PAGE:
Thursday, February 24, 2011

"Pictures of Hollis Woods"

FABULOUS!  There's my summary/critique of the book.  Patricia Reilly Giff really crafts a masterpiece in Pictures of Hollis Woods.  No wonder it was a 2003 Newbery Honor Book.

I suppose the previous paragraph probably isn't enough to sell you on the book, unless you trust my literary opinion with the utmost regard.  So here's the more "informational" summary/critique.  Hollis Woods is a girl who's shipped from one foster house to the next (she's a runner).  She loves to draw, and the story bounces back and forth between previous houses and memories she's stored through illustrations, and her current foster home.  The book follows your typical story structure in the sense that it ends leaving you feeling complete (as any good book will!).  As I tell my students, it's one of those where you get to the ending and go, "Ahhhh."  Giff paints a picture of Hollis Woods (pun intended) that makes you want to reach for your own colored pencils to immortalize your life.  She develops the plot and characters with subtle word choice that nothing feels forced.

I'd never heard of the book until a few weeks ago, and now it seems that every middle grade girl I talk to loves the book.  And, I won't lie, there are a handful of adults who enjoy curling up on the couch with a good middle grade novel that have also recommended Pictures of Hollis Woods.  As for me, it's up there on my "Favorite Middle Grade Books" list, joining Milkweed by Jerry Spinelli and Because of Winn Dixie by Kate DiCamillo.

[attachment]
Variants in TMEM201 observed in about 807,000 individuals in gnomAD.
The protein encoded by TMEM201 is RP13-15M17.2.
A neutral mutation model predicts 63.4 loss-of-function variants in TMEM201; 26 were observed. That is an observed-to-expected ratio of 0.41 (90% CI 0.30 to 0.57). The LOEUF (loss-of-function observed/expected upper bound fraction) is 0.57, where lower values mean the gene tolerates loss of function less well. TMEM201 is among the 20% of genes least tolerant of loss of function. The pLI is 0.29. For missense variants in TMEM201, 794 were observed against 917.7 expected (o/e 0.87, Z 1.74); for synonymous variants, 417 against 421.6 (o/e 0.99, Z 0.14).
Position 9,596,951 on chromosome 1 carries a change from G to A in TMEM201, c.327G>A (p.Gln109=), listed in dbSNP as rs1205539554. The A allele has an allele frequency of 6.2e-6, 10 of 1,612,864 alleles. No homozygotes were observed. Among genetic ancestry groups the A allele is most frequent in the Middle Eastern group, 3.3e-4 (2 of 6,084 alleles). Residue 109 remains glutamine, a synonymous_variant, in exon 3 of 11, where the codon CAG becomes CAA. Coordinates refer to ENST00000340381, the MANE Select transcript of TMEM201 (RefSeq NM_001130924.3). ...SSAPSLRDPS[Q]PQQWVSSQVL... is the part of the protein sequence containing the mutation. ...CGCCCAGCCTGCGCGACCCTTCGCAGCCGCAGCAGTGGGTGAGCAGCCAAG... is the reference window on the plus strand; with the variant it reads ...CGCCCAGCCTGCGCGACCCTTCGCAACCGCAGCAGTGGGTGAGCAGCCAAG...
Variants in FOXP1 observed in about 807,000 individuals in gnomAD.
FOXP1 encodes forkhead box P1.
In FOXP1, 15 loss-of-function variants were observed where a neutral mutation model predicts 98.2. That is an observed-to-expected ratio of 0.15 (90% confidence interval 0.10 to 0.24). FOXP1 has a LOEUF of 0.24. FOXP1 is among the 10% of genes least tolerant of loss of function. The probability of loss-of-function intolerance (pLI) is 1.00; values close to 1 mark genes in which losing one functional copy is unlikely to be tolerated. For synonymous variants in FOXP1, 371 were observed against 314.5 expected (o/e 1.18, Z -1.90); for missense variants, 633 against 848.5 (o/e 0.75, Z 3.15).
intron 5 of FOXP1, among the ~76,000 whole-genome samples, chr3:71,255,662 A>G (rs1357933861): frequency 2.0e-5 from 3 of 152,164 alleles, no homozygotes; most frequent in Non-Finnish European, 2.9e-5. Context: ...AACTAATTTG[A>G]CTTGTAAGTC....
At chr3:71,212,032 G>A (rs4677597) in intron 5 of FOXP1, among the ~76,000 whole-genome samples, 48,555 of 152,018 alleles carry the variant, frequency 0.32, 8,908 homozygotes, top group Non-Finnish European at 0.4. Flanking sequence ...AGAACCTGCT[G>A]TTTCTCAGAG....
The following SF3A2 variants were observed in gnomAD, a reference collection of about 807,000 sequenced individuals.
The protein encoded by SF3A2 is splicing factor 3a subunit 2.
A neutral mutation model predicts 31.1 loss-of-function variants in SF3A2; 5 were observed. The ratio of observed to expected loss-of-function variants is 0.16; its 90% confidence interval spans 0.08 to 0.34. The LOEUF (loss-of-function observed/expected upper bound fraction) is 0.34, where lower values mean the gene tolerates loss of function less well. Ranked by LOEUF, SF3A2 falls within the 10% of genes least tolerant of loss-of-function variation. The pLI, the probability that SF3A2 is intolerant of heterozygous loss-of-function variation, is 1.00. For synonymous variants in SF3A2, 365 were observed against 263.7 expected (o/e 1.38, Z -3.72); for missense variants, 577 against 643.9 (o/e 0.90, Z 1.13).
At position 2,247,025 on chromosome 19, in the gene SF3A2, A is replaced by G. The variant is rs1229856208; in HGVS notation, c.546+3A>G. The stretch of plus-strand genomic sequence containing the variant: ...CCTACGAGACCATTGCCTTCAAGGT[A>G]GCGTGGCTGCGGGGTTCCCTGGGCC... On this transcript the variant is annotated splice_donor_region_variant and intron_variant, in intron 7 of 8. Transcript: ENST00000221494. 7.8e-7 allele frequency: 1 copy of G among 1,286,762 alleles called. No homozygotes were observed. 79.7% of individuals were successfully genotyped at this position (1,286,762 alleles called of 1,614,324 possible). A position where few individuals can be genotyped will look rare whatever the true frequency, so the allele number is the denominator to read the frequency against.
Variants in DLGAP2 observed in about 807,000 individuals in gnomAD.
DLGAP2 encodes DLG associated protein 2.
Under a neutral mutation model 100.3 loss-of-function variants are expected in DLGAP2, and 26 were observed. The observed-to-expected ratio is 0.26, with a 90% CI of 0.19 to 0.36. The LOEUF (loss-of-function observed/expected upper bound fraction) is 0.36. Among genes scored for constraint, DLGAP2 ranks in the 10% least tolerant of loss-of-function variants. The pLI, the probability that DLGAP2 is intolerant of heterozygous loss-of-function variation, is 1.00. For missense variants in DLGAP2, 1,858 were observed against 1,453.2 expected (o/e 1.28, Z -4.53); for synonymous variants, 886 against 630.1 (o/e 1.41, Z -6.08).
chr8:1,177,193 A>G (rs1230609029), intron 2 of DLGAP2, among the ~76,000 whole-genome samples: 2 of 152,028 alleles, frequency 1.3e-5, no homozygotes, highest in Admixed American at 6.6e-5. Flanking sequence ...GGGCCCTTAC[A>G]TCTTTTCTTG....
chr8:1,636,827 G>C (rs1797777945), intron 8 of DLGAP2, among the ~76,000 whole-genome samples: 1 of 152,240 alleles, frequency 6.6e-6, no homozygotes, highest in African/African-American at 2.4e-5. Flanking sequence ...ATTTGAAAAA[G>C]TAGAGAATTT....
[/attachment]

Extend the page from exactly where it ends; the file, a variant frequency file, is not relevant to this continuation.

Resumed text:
Thursday, February 10, 2011

Move Over "Extreme Makeover: Home Edition"

My apologies for being vacant for so long.  I've been reading, but not in the mood to type - perhaps because that would mean putting down my book...ahh, the Catch 22!

Today's post is thanks to Time Magazine, but I'm a bit behind in reading them, so it's from the January 10, 2011 copy.  Page 50-54, home of one of the most innovative and inspiring things I've read.  A program in St. Louis is completely changing the way foster care is run.  Instead of simply placing children with absolutely anyone who is willing to take them in, this program ("Extreme Recruitment") has hired detectives to find any and all family members of children in the system.  Then they go door-to-door to those relatives until they find someone willing to take in the child.  A minimum of 40 relatives for each child, and a 70% success rate.  To top it off, the children are moved out of foster care much faster than through the traditional system, and significantly more likely to be adopted.  The program has found that it's all about making a connection (the "Monkey Sphere" for those of you who are familiar with the concept).

It's possible that this article is part of what has me so into Pictures of Hollis Woods -- it's all about wanting to belong.